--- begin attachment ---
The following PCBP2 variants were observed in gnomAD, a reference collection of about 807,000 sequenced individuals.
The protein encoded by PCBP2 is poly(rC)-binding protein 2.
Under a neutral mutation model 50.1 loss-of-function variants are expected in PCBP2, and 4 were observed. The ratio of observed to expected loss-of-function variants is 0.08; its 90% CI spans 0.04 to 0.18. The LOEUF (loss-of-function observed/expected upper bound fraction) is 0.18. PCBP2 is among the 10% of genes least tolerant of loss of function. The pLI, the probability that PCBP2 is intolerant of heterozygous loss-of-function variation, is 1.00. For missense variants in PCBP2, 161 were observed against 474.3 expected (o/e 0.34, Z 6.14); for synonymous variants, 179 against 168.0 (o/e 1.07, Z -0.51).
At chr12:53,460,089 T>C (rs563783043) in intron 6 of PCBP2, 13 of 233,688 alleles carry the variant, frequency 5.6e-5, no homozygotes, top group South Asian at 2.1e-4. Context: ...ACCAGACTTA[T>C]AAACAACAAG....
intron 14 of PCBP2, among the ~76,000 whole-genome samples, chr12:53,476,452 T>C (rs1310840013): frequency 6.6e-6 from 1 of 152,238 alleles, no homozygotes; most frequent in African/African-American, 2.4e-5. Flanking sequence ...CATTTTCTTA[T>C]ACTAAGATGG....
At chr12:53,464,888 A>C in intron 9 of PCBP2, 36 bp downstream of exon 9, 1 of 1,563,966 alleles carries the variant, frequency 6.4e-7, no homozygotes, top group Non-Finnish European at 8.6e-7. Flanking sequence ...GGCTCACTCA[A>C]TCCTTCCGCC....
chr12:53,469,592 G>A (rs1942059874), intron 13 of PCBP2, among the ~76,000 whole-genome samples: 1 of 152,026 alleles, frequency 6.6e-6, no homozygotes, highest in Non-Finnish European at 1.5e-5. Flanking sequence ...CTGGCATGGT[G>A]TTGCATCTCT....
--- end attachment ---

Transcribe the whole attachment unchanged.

The following PCBP2 variants were observed in gnomAD, a reference collection of about 807,000 sequenced individuals.
The protein encoded by PCBP2 is poly(rC)-binding protein 2.
Under a neutral mutation model 50.1 loss-of-function variants are expected in PCBP2, and 4 were observed. The ratio of observed to expected loss-of-function variants is 0.08; its 90% CI spans 0.04 to 0.18. The LOEUF (loss-of-function observed/expected upper bound fraction) is 0.18. PCBP2 is among the 10% of genes least tolerant of loss of function. The pLI, the probability that PCBP2 is intolerant of heterozygous loss-of-function variation, is 1.00. For missense variants in PCBP2, 161 were observed against 474.3 expected (o/e 0.34, Z 6.14); for synonymous variants, 179 against 168.0 (o/e 1.07, Z -0.51).
At chr12:53,460,089 T>C (rs563783043) in intron 6 of PCBP2, 13 of 233,688 alleles carry the variant, frequency 5.6e-5, no homozygotes, top group South Asian at 2.1e-4. Context: ...ACCAGACTTA[T>C]AAACAACAAG....
intron 14 of PCBP2, among the ~76,000 whole-genome samples, chr12:53,476,452 T>C (rs1310840013): frequency 6.6e-6 from 1 of 152,238 alleles, no homozygotes; most frequent in African/African-American, 2.4e-5. Flanking sequence ...CATTTTCTTA[T>C]ACTAAGATGG....
At chr12:53,464,888 A>C in intron 9 of PCBP2, 36 bp downstream of exon 9, 1 of 1,563,966 alleles carries the variant, frequency 6.4e-7, no homozygotes, top group Non-Finnish European at 8.6e-7. Flanking sequence ...GGCTCACTCA[A>C]TCCTTCCGCC....
chr12:53,469,592 G>A (rs1942059874), intron 13 of PCBP2, among the ~76,000 whole-genome samples: 1 of 152,026 alleles, frequency 6.6e-6, no homozygotes, highest in Non-Finnish European at 1.5e-5. Flanking sequence ...CTGGCATGGT[G>A]TTGCATCTCT....